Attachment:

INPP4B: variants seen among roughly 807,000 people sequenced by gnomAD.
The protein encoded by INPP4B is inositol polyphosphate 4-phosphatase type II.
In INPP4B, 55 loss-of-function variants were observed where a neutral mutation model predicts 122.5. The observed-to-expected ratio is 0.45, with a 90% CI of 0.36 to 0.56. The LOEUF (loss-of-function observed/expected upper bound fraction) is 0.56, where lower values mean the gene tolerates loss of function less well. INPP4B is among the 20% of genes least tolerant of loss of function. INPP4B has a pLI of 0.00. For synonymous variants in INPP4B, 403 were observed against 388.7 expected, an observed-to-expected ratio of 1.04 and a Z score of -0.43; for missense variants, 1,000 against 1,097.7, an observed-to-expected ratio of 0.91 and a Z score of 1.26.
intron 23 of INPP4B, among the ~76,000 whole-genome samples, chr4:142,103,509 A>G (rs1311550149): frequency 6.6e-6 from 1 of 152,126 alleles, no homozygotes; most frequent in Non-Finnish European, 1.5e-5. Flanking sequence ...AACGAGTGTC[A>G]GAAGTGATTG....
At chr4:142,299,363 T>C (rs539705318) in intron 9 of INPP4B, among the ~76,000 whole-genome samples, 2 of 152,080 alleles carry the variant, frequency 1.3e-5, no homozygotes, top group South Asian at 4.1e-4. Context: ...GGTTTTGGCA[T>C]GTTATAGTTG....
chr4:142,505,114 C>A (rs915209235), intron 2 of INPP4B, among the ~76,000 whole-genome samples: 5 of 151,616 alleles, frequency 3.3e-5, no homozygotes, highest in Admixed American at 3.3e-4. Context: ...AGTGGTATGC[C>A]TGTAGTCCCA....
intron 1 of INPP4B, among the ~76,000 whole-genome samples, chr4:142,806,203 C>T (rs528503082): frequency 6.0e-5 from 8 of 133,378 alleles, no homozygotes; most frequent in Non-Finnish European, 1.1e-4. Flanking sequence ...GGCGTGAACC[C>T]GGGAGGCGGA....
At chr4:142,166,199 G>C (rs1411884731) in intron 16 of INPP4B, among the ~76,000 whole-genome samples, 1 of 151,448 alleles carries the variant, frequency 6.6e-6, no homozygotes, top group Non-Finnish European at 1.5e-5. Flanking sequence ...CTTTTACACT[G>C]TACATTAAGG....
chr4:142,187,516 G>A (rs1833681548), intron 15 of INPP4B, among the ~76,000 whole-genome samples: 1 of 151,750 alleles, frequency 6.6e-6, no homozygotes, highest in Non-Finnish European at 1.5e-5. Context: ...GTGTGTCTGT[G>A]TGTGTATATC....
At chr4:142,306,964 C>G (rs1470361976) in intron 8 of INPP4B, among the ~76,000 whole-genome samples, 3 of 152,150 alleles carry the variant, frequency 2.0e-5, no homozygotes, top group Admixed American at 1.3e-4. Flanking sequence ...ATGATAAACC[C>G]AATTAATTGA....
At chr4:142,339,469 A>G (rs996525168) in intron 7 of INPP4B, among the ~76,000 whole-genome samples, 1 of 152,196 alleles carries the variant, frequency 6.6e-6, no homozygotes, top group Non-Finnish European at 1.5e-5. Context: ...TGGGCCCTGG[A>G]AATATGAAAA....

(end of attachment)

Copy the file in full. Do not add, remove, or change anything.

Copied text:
INPP4B: variants seen among roughly 807,000 people sequenced by gnomAD.
The protein encoded by INPP4B is inositol polyphosphate 4-phosphatase type II.
In INPP4B, 55 loss-of-function variants were observed where a neutral mutation model predicts 122.5. The observed-to-expected ratio is 0.45, with a 90% CI of 0.36 to 0.56. The LOEUF (loss-of-function observed/expected upper bound fraction) is 0.56, where lower values mean the gene tolerates loss of function less well. INPP4B is among the 20% of genes least tolerant of loss of function. INPP4B has a pLI of 0.00. For synonymous variants in INPP4B, 403 were observed against 388.7 expected, an observed-to-expected ratio of 1.04 and a Z score of -0.43; for missense variants, 1,000 against 1,097.7, an observed-to-expected ratio of 0.91 and a Z score of 1.26.
intron 23 of INPP4B, among the ~76,000 whole-genome samples, chr4:142,103,509 A>G (rs1311550149): frequency 6.6e-6 from 1 of 152,126 alleles, no homozygotes; most frequent in Non-Finnish European, 1.5e-5. Flanking sequence ...AACGAGTGTC[A>G]GAAGTGATTG....
At chr4:142,299,363 T>C (rs539705318) in intron 9 of INPP4B, among the ~76,000 whole-genome samples, 2 of 152,080 alleles carry the variant, frequency 1.3e-5, no homozygotes, top group South Asian at 4.1e-4. Context: ...GGTTTTGGCA[T>C]GTTATAGTTG....
chr4:142,505,114 C>A (rs915209235), intron 2 of INPP4B, among the ~76,000 whole-genome samples: 5 of 151,616 alleles, frequency 3.3e-5, no homozygotes, highest in Admixed American at 3.3e-4. Context: ...AGTGGTATGC[C>A]TGTAGTCCCA....
intron 1 of INPP4B, among the ~76,000 whole-genome samples, chr4:142,806,203 C>T (rs528503082): frequency 6.0e-5 from 8 of 133,378 alleles, no homozygotes; most frequent in Non-Finnish European, 1.1e-4. Flanking sequence ...GGCGTGAACC[C>T]GGGAGGCGGA....
At chr4:142,166,199 G>C (rs1411884731) in intron 16 of INPP4B, among the ~76,000 whole-genome samples, 1 of 151,448 alleles carries the variant, frequency 6.6e-6, no homozygotes, top group Non-Finnish European at 1.5e-5. Flanking sequence ...CTTTTACACT[G>C]TACATTAAGG....
chr4:142,187,516 G>A (rs1833681548), intron 15 of INPP4B, among the ~76,000 whole-genome samples: 1 of 151,750 alleles, frequency 6.6e-6, no homozygotes, highest in Non-Finnish European at 1.5e-5. Context: ...GTGTGTCTGT[G>A]TGTGTATATC....
At chr4:142,306,964 C>G (rs1470361976) in intron 8 of INPP4B, among the ~76,000 whole-genome samples, 3 of 152,150 alleles carry the variant, frequency 2.0e-5, no homozygotes, top group Admixed American at 1.3e-4. Flanking sequence ...ATGATAAACC[C>G]AATTAATTGA....
At chr4:142,339,469 A>G (rs996525168) in intron 7 of INPP4B, among the ~76,000 whole-genome samples, 1 of 152,196 alleles carries the variant, frequency 6.6e-6, no homozygotes, top group Non-Finnish European at 1.5e-5. Context: ...TGGGCCCTGG[A>G]AATATGAAAA....